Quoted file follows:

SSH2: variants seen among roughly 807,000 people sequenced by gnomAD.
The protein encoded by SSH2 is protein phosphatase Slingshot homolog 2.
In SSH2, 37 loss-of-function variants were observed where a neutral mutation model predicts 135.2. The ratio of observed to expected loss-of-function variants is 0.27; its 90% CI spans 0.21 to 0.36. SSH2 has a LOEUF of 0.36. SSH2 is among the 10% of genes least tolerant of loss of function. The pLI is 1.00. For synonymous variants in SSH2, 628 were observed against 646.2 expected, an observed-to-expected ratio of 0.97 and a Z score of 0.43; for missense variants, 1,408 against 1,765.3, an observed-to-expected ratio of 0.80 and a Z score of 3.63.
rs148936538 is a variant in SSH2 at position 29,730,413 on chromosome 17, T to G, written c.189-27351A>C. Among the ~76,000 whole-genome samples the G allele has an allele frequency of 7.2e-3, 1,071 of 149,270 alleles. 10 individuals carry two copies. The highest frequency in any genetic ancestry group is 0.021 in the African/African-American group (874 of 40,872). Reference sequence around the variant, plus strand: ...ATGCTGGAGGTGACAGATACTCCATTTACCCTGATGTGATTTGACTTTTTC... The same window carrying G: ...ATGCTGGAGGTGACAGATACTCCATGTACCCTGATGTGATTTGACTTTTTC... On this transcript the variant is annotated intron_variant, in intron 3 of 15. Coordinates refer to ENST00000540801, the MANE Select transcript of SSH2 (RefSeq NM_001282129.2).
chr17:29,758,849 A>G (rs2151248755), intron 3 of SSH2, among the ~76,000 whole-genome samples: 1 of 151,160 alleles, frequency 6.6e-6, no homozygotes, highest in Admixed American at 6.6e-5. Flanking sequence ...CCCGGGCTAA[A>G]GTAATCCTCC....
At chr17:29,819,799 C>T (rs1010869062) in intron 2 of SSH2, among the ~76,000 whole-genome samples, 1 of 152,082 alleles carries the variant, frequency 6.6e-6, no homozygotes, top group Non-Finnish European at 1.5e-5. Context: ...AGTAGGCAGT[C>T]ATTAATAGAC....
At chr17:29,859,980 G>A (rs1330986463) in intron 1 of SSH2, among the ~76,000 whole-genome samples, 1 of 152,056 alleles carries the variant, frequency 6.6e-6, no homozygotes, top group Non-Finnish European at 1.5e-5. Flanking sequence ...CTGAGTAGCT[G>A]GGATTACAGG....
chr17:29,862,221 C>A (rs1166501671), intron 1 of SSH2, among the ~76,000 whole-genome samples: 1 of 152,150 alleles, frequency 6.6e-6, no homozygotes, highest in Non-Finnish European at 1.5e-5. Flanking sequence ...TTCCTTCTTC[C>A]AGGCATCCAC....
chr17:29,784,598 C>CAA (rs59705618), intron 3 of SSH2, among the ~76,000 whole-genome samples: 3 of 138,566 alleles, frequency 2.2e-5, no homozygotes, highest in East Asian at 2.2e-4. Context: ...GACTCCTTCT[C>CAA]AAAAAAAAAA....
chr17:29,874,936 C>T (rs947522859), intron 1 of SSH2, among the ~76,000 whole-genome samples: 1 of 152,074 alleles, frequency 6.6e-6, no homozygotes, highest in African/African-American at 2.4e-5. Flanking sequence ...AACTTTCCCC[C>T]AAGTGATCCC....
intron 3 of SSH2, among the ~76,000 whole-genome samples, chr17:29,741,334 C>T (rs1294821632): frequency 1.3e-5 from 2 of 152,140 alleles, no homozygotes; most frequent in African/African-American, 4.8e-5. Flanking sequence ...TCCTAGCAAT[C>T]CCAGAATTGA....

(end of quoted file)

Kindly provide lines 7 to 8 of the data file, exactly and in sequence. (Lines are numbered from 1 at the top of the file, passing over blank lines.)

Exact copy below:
At chr17:29,859,980 G>A (rs1330986463) in intron 1 of SSH2, among the ~76,000 whole-genome samples, 1 of 152,056 alleles carries the variant, frequency 6.6e-6, no homozygotes, top group Non-Finnish European at 1.5e-5. Flanking sequence ...CTGAGTAGCT[G>A]GGATTACAGG....
chr17:29,862,221 C>A (rs1166501671), intron 1 of SSH2, among the ~76,000 whole-genome samples: 1 of 152,150 alleles, frequency 6.6e-6, no homozygotes, highest in Non-Finnish European at 1.5e-5. Flanking sequence ...TTCCTTCTTC[C>A]AGGCATCCAC....